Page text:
Urban Population Growth", admitted that urbanisation was the main
contributing factor to land and housing shortages, congestion, squatter
settlements, crime, HIV/AIDS infection and unemployment.
Malawi's economy depends on agriculture and shortages of land have in
recent years contributed to perennial food shortages, which refuse to
ease. In 2002, the United Nations Food and Agricultural Organisation
(FAO) and other aid agencies estimated that more than three million
Malawians needed emergency food. This year, the agencies have projected
that more than one million people will starve if food aid is not
Economists fear that the need to import the staple maize this year
could cause depreciation of kwacha as the country's foreign exchange
cover is low. Donors are withholding aid, citing fiscal indiscipline by
Apart from food insecurity, HIV/AIDS infection has emerged as the most
appalling crisis to hit the urban areas. Malawi's HIV infection
prevalence hovers at 14.7 percent, according to the latest UN Joint
Programme on HIV/AIDS (UNAIDS) report.
Of the one million people infected, the Malawi National AIDs Commission
(NAC) estimates that 25 percent, or 250,000, are in urban areas compared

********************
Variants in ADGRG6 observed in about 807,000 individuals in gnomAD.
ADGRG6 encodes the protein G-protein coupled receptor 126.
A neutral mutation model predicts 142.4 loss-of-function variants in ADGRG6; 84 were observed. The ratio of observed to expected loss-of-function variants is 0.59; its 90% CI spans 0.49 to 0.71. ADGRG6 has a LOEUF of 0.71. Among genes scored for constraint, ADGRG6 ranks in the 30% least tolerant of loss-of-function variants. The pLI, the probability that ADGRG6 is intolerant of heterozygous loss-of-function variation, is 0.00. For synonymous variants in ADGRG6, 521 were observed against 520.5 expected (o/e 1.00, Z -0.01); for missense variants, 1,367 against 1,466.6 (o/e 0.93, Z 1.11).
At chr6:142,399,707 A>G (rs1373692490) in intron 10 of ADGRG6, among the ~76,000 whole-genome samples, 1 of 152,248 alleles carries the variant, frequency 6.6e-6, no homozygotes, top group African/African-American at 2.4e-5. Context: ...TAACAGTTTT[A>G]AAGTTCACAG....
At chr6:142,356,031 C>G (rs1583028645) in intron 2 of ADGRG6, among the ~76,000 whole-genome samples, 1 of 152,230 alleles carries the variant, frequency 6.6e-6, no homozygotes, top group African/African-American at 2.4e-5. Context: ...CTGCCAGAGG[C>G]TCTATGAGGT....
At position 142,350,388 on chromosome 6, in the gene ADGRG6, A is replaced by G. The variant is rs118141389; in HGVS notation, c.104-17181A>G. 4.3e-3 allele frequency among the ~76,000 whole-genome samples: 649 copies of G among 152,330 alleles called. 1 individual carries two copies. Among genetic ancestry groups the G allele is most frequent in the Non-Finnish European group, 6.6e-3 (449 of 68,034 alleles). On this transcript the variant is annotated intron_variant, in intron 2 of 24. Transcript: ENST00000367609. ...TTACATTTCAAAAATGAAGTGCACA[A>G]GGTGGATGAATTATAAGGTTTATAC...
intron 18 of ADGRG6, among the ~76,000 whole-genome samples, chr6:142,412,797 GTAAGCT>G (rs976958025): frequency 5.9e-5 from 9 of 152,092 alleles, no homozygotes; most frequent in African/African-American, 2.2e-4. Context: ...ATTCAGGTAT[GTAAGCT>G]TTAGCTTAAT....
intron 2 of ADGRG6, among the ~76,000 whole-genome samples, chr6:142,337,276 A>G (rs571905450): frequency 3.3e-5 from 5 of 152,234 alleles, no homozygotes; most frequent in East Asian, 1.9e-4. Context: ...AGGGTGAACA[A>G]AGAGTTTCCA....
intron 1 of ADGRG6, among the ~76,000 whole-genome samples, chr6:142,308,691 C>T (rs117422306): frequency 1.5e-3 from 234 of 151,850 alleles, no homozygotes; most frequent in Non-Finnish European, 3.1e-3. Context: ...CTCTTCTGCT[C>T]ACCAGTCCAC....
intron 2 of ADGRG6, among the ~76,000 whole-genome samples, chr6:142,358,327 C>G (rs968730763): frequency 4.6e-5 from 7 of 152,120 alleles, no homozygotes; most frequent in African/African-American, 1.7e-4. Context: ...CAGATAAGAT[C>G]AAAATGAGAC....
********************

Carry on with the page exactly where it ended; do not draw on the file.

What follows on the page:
to 13 percent in the rural areas.
The commission estimates that AIDS has created about 600,000 orphans.
As a result, orphanages are now overwhelmed.
"Most of the orphans end up on the streets as beggars and grow up into
thugs," says Bertha Bonongwe of Chisomo Care Group, an orphanage at
Ndala Village in the outskirts of Blantyre.
City officials say urbanisation is also leading to squatter
settlements, which cause congestion and sanitation breakdowns. According
to UNCHS, 71 percent of residents in Blantyre live in squalid and
City officials blame utility companies for providing installations in
areas that are not fully developed.
"Installations such as water and electricity in underdeveloped places
attract people to go and settle in such areas," says Sophie Kalimba, the
chief executive of Blantyre City Assembly.
Masauko Ngwaluko, spokesperson for the Lilongwe Water Board, says
vandalism of plastic water pipes has been on a steady increase in recent
years. The pipes are used for making teapots and other domestic
appliances, which are on high demand in the city.
"We're losing about K650,000 (6,000 United States dollars) every month
to repair vandalised installations," he says, adding that such
disruptions were leading to failure by the board to provide
uninterrupted services to residents.
The country's sole power utility, the Electricity Supply Corporation of
Malawi (Escom), is also feeling the pinch of urbanization. Its
installations, such as transformers, are targeted by residents who
extract the oil for unknown use, it says.
Critics say Malawi has become poorer in the past 10 years of
re-introducing multiparty democracy. Before 1994, Malawi had been a
one-party state for more than 30 years under Banda. Over 65 percent of
the population now lives below the poverty line of one dollar a day,
according to the World Bank.
In April, a study by Khwima Nthara, an economist with Deloitte and
Touche firm revealed that Malawi's Gross National Income - that is